“Mr Carlino will be attending the hearing as a litigant in person.”

  • The hearing referred to here is clear this hearing concerning the bench warrant. The message also explains:

“We intend to be on the record in the position to represent Mr Carlino at the next hearing, which we anticipate will be 3 May.”

  • To complete the story, this morning Mr Carlino sent two text messages to Mr Hanson, the first claimant. Mr Hanson had been in communication with him. Mr Carlino’s messages queried what was going on, but stated that he would be in attendance at court — although to be fair it I think he meant 3 May rather than today – then asks: “Can you confirm why the hearing today is going ahead when there is another hearing on 3 May” and asks to have a discussion. He was told to communicate with Harbottle & Lewis.
  • Then I gather from Mr Grant, on instructions from the solicitor, Mr Leverton, that Mr Carlino did speak to Mr Leverton this morning. These instructions were subsequently confirmed the witness statement from Mr Leverton. Mr Carlino told Mr Leverton that he had been approaching this matter all wrong and that he (Mr Carlino) was working to prepare for Friday. He also said he was having difficulties getting into London. I bear in mind that he lives in Kingston upon Thames.
  • This morning, when the matter was called on, and despite the email from LCL stating that Mr Carlino would be attending this hearing as a litigant in person, Mr Carlino is not here. The claimants contend that this is just confirmation of the pattern of behaviour by Mr Carlino and it reinforces their concern that without a bench warrant, Mr Carlino simply will not attend on 3 May. His strategy so far in these proceedings has been to avoid engaging, to make statements to his solicitors which are demonstrably untrue (see above), and the court should have no confidence at all that, absent a bench warrant, Mr Carlino will attend court. It is also submitted that the engagement which Mr Carlino has had with the claimants in the last few days is only really happening at all because of the threat of the bench warrant in the first place.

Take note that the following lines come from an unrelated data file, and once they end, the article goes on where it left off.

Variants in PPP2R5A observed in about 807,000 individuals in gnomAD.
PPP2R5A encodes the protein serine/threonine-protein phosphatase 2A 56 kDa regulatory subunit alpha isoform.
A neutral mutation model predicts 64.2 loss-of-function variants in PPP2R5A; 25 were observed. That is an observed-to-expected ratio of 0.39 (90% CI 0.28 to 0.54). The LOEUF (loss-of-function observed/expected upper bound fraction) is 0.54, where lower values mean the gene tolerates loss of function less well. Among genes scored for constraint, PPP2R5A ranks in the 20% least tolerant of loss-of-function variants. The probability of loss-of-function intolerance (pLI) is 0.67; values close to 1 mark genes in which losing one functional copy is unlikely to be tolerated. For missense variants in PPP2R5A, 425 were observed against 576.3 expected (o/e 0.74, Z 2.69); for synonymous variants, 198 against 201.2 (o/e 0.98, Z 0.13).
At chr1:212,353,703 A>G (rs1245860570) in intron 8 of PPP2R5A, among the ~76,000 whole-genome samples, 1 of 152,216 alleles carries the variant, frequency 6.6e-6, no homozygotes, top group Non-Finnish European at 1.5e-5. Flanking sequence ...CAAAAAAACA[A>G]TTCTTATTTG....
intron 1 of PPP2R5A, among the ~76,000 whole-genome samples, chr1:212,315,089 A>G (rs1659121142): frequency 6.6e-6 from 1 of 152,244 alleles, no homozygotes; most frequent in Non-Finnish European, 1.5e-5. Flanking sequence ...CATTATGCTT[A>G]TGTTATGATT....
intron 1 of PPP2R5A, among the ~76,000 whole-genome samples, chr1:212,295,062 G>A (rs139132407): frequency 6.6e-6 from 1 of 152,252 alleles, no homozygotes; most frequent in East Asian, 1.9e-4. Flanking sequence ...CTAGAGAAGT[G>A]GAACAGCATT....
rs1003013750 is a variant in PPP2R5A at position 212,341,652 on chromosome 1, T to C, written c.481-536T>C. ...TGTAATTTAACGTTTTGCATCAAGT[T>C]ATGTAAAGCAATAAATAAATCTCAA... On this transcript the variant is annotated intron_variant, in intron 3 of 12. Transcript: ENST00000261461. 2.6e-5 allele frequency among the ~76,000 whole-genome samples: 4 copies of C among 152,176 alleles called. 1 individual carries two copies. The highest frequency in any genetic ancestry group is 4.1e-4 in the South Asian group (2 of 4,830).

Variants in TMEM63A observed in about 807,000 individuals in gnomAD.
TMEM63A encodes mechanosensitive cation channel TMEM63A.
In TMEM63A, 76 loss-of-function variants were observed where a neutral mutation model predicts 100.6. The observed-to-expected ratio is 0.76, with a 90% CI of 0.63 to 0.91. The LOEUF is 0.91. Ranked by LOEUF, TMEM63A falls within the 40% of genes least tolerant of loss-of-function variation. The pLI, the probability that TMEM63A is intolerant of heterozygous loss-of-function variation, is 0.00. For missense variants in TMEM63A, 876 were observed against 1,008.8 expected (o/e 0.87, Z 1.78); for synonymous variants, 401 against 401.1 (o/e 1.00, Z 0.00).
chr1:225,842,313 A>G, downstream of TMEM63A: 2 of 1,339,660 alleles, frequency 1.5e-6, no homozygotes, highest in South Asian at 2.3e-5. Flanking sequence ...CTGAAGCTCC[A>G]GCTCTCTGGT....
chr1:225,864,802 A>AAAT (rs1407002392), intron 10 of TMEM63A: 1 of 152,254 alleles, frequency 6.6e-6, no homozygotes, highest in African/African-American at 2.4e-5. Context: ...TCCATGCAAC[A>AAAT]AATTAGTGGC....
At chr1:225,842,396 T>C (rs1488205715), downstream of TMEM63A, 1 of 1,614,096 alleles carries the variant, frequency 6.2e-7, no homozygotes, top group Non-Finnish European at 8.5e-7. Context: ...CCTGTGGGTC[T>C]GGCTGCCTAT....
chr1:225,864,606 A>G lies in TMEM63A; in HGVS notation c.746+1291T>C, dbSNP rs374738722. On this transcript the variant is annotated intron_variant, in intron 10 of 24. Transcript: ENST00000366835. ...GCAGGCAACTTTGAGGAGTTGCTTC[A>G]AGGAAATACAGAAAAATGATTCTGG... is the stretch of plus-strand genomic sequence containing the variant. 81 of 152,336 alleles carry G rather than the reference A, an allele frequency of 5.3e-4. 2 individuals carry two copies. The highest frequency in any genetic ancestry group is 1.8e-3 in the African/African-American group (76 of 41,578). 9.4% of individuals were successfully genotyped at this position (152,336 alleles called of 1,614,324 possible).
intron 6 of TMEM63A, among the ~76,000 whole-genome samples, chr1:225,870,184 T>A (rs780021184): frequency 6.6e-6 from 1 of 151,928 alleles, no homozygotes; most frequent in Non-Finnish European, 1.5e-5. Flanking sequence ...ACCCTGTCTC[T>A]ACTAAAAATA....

• In my judgment, that is a fair analysis of the position. Looking overall, I bear in mind the issue of a bench warrant is an extreme remedy. Nevertheless I am quite satisfied that, judging Mr Carlino by his actions and by the words that were advanced in writing on his behalf which are demonstrably untrue, there is a strong case that he is not engaging with these proceedings. I have no confidence that Mr Carlino will attend on Friday unless a bench warrant is issued.
  • However, since today is Wednesday, I am concerned that if I issue a bench warrant today, there is a real possibility that Mr Carlino could be arrested today and therefore could end up spending two nights in prison before the hearing on Friday. That seems to me to be potentially disproportionate and unnecessary. I propose to adopt an alternative course.
  • I will make the order requiring that a bench warrant be issued, but I will also require that it not be executed until tomorrow. That has two significant advantages. First, it means that once it is executed tomorrow, the worst that will be for Mr Carlino is that he may have to spend a night in prison. That is an inevitability in the circumstances as they are. However, the other dimension, which seems to me to be an important point, is that Mr Carlino can be told now that the court has made this order and that a bench warrant will be executed tomorrow. That will give him a final chance to credibly demonstrate that he will attend court on Friday, and it may be in those circumstances not necessary to execute the bench warrant. It would require, as I have said, a credible demonstration by Mr Carlino that that is the case. I am not going to prejudge how that might be done. Frankly in the circumstances as they appear to be, it might be very difficult for Mr Carlino to make such a credible demonstration, but I do not believe it is impossible, and he should be given that chance.
  • So in all the circumstances, what I will do is exercise the court’s power to issue a bench warrant to secure compliance with the court’s order that Mr Carlino attends court on Friday, 3 May to be cross-examined in relation to the information sought in the order of Mr Justice Fancourt. That is what I order.